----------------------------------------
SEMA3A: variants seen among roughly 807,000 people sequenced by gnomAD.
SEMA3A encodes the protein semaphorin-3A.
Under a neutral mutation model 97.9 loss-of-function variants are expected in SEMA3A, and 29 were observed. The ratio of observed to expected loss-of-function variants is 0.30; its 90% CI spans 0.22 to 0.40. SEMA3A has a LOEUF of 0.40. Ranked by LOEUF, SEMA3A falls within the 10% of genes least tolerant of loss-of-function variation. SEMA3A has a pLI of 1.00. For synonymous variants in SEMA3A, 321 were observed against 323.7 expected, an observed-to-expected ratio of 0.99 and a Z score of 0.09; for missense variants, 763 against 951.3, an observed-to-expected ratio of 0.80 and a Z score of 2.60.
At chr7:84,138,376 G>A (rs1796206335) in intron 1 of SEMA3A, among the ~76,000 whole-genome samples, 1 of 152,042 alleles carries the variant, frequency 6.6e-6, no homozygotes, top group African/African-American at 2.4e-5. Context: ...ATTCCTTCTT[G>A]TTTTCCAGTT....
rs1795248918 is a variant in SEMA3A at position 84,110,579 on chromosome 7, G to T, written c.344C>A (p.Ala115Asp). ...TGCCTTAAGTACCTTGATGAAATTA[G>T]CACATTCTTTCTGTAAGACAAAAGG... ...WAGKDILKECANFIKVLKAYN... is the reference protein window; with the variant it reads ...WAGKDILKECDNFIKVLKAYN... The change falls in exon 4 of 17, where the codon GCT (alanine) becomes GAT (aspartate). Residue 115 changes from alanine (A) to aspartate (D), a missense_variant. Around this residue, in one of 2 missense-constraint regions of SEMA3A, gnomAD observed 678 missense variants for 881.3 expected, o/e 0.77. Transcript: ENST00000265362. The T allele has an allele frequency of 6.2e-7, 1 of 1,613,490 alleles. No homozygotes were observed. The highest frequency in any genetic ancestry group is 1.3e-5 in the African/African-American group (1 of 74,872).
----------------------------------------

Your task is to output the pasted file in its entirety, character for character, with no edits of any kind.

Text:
SEMA3A: variants seen among roughly 807,000 people sequenced by gnomAD.
SEMA3A encodes the protein semaphorin-3A.
Under a neutral mutation model 97.9 loss-of-function variants are expected in SEMA3A, and 29 were observed. The ratio of observed to expected loss-of-function variants is 0.30; its 90% CI spans 0.22 to 0.40. SEMA3A has a LOEUF of 0.40. Ranked by LOEUF, SEMA3A falls within the 10% of genes least tolerant of loss-of-function variation. SEMA3A has a pLI of 1.00. For synonymous variants in SEMA3A, 321 were observed against 323.7 expected, an observed-to-expected ratio of 0.99 and a Z score of 0.09; for missense variants, 763 against 951.3, an observed-to-expected ratio of 0.80 and a Z score of 2.60.
At chr7:84,138,376 G>A (rs1796206335) in intron 1 of SEMA3A, among the ~76,000 whole-genome samples, 1 of 152,042 alleles carries the variant, frequency 6.6e-6, no homozygotes, top group African/African-American at 2.4e-5. Context: ...ATTCCTTCTT[G>A]TTTTCCAGTT....
rs1795248918 is a variant in SEMA3A at position 84,110,579 on chromosome 7, G to T, written c.344C>A (p.Ala115Asp). ...TGCCTTAAGTACCTTGATGAAATTA[G>T]CACATTCTTTCTGTAAGACAAAAGG... ...WAGKDILKECANFIKVLKAYN... is the reference protein window; with the variant it reads ...WAGKDILKECDNFIKVLKAYN... The change falls in exon 4 of 17, where the codon GCT (alanine) becomes GAT (aspartate). Residue 115 changes from alanine (A) to aspartate (D), a missense_variant. Around this residue, in one of 2 missense-constraint regions of SEMA3A, gnomAD observed 678 missense variants for 881.3 expected, o/e 0.77. Transcript: ENST00000265362. The T allele has an allele frequency of 6.2e-7, 1 of 1,613,490 alleles. No homozygotes were observed. The highest frequency in any genetic ancestry group is 1.3e-5 in the African/African-American group (1 of 74,872).